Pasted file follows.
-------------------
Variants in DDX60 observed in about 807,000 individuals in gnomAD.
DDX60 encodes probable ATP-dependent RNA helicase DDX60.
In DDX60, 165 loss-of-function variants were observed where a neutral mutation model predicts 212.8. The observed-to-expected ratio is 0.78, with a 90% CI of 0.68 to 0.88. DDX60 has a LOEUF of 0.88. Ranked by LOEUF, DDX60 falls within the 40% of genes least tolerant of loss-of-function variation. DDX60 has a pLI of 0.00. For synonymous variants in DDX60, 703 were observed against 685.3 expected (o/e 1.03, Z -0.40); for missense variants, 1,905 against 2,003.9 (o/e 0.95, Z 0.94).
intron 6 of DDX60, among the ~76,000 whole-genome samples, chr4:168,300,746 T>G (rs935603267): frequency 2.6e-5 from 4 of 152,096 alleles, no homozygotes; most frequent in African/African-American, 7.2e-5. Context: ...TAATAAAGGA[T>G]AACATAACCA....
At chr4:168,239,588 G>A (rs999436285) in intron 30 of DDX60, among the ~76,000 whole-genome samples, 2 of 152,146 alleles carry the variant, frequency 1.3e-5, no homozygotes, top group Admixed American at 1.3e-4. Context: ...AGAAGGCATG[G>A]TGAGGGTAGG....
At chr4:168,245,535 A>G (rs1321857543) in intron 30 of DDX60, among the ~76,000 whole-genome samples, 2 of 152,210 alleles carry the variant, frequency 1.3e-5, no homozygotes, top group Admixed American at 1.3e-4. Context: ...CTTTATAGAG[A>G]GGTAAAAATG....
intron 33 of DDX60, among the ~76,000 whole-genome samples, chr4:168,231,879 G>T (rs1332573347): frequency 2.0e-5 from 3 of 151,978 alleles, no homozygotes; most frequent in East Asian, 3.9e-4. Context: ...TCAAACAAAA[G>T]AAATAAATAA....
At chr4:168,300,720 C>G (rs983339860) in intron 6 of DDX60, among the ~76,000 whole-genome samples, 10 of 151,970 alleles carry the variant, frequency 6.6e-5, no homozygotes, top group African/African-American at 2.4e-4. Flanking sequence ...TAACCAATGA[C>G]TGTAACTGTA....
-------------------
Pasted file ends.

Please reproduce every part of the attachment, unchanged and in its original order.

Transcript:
Variants in DDX60 observed in about 807,000 individuals in gnomAD.
DDX60 encodes probable ATP-dependent RNA helicase DDX60.
In DDX60, 165 loss-of-function variants were observed where a neutral mutation model predicts 212.8. The observed-to-expected ratio is 0.78, with a 90% CI of 0.68 to 0.88. DDX60 has a LOEUF of 0.88. Ranked by LOEUF, DDX60 falls within the 40% of genes least tolerant of loss-of-function variation. DDX60 has a pLI of 0.00. For synonymous variants in DDX60, 703 were observed against 685.3 expected (o/e 1.03, Z -0.40); for missense variants, 1,905 against 2,003.9 (o/e 0.95, Z 0.94).
intron 6 of DDX60, among the ~76,000 whole-genome samples, chr4:168,300,746 T>G (rs935603267): frequency 2.6e-5 from 4 of 152,096 alleles, no homozygotes; most frequent in African/African-American, 7.2e-5. Context: ...TAATAAAGGA[T>G]AACATAACCA....
At chr4:168,239,588 G>A (rs999436285) in intron 30 of DDX60, among the ~76,000 whole-genome samples, 2 of 152,146 alleles carry the variant, frequency 1.3e-5, no homozygotes, top group Admixed American at 1.3e-4. Context: ...AGAAGGCATG[G>A]TGAGGGTAGG....
At chr4:168,245,535 A>G (rs1321857543) in intron 30 of DDX60, among the ~76,000 whole-genome samples, 2 of 152,210 alleles carry the variant, frequency 1.3e-5, no homozygotes, top group Admixed American at 1.3e-4. Context: ...CTTTATAGAG[A>G]GGTAAAAATG....
intron 33 of DDX60, among the ~76,000 whole-genome samples, chr4:168,231,879 G>T (rs1332573347): frequency 2.0e-5 from 3 of 151,978 alleles, no homozygotes; most frequent in East Asian, 3.9e-4. Context: ...TCAAACAAAA[G>T]AAATAAATAA....
At chr4:168,300,720 C>G (rs983339860) in intron 6 of DDX60, among the ~76,000 whole-genome samples, 10 of 151,970 alleles carry the variant, frequency 6.6e-5, no homozygotes, top group African/African-American at 2.4e-4. Flanking sequence ...TAACCAATGA[C>G]TGTAACTGTA....